Measurements of multijet event isotropies using optimal transport with the ATLAS detector

A measurement of novel event shapes quantifying the isotropy of collider events is performed in 140 fb−1 of proton-proton collisions with √ s = 13 TeV centre-of-mass energy recorded with the ATLAS detector at CERN’s Large Hadron Collider. These event shapes are defned as the Wasserstein distance between collider events and isotropic reference geometries. This distance is evaluated by solving optimal transport problems, using the ‘Energy-Mover’s Distance’. Isotropic references with cylindrical and circular symmetries are studied, to probe the symmetries of interest at hadron colliders. The novel event-shape observables defned in this way are infrared- and collinear-safe, have improved dynamic range and have greater sensitivity to isotropic radiation patterns than other event shapes. The measured event-shape variables are corrected for detector efects, and presented in inclusive bins of jet multiplicity and the scalar sum of the two leading jets’ transverse momenta. The measured distributions are provided as inputs to future Monte Carlo tuning campaigns and other studies probing fundamental properties of QCD and the production of hadronic fnal states up to the TeV-scale.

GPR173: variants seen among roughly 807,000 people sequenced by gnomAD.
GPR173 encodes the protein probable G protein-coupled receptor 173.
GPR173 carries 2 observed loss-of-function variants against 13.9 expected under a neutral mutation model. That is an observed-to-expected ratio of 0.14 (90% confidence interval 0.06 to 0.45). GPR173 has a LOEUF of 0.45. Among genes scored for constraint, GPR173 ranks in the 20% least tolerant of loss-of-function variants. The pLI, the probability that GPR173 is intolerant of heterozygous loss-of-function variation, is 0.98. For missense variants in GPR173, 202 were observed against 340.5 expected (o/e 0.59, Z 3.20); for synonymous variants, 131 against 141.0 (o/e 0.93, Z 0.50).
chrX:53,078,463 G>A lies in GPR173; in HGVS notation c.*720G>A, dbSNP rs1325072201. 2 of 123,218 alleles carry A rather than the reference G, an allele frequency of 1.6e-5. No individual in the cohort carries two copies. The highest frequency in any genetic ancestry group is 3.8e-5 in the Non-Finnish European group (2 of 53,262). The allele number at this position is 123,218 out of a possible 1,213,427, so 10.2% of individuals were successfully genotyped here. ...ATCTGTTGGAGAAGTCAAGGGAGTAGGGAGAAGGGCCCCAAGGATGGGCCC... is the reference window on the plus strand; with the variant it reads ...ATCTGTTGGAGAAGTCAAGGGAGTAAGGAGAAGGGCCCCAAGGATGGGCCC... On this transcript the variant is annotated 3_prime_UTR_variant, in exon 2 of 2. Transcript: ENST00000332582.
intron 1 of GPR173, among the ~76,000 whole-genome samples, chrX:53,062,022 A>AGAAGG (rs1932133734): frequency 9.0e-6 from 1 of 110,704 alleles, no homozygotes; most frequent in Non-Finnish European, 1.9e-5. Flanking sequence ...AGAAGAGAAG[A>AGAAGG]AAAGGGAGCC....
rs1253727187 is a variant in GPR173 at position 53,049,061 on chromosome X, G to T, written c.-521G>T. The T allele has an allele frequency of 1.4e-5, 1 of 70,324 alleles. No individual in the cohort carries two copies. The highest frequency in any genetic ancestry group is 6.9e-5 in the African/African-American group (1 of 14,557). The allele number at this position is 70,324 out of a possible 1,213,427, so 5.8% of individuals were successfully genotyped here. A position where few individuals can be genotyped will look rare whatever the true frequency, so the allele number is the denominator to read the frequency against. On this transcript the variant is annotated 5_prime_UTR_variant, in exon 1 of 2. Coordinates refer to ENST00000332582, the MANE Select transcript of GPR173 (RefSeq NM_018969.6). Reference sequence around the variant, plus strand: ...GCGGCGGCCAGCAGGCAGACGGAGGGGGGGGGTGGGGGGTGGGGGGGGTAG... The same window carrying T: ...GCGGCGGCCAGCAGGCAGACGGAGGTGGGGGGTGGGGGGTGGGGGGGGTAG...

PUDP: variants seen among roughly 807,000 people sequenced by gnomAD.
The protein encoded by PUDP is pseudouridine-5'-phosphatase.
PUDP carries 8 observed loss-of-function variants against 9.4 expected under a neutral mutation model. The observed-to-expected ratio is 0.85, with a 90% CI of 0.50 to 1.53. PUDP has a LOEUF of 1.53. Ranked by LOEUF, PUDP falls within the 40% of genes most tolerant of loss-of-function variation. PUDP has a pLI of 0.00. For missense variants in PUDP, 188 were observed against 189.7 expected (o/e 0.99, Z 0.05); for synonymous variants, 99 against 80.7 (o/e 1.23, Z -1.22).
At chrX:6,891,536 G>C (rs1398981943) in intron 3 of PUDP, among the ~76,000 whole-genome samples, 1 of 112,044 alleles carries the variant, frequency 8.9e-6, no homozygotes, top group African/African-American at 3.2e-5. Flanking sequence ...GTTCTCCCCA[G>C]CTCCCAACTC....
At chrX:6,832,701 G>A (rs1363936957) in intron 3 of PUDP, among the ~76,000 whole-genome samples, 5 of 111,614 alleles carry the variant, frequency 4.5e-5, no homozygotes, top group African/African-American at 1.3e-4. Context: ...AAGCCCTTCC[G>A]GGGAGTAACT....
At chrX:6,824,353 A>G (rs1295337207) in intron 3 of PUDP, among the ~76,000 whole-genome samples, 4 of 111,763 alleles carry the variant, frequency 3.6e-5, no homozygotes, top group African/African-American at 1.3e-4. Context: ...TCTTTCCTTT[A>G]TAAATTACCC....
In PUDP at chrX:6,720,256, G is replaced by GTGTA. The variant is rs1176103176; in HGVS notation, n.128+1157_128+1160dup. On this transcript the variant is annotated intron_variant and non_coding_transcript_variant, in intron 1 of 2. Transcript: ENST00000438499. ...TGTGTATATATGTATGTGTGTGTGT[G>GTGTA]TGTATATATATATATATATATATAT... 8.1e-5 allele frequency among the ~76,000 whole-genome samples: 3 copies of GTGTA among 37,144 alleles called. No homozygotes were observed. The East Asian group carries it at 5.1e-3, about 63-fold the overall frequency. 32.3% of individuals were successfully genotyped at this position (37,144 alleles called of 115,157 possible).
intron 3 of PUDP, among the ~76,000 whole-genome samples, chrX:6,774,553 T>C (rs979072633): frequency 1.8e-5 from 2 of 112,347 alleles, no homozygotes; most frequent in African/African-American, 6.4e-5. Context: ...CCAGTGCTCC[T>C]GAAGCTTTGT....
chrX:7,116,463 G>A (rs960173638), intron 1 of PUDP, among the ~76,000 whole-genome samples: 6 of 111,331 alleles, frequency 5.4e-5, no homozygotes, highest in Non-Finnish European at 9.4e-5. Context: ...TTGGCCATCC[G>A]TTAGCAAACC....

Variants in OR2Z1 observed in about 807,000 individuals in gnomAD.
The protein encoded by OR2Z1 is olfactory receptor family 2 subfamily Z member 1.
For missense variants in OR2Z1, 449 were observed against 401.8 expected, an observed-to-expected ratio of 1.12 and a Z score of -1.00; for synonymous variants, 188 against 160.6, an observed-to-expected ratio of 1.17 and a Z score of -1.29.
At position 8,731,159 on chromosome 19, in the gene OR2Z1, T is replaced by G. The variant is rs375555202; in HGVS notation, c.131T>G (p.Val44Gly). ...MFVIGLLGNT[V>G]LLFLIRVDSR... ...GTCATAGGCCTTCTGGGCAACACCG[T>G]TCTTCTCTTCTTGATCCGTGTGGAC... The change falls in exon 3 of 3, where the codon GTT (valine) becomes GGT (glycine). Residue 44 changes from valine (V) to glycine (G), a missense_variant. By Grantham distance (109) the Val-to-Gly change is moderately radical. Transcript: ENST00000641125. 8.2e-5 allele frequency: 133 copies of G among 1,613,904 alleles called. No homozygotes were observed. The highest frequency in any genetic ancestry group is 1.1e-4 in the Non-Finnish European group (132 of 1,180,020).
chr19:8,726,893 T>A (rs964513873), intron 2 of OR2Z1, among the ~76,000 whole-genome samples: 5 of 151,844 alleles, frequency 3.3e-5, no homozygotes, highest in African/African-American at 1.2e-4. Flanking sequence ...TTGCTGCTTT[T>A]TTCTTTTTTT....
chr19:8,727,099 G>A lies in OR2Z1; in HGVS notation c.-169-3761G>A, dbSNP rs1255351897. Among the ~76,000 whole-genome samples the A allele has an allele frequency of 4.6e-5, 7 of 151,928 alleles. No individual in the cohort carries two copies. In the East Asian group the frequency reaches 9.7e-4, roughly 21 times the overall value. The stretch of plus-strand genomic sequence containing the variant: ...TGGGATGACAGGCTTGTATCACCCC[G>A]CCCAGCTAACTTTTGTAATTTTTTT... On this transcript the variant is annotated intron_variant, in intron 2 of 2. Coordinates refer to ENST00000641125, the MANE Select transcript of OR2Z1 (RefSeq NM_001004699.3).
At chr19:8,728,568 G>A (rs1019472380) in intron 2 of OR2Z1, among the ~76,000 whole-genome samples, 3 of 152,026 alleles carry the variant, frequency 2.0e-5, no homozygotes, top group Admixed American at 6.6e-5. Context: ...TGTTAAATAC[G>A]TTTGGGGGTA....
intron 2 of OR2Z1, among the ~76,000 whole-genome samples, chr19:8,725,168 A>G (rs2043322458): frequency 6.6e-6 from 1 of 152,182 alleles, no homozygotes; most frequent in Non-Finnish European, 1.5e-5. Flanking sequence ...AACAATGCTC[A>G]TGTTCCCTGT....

Hadron-Hadron Scattering, Jet Physics, Jets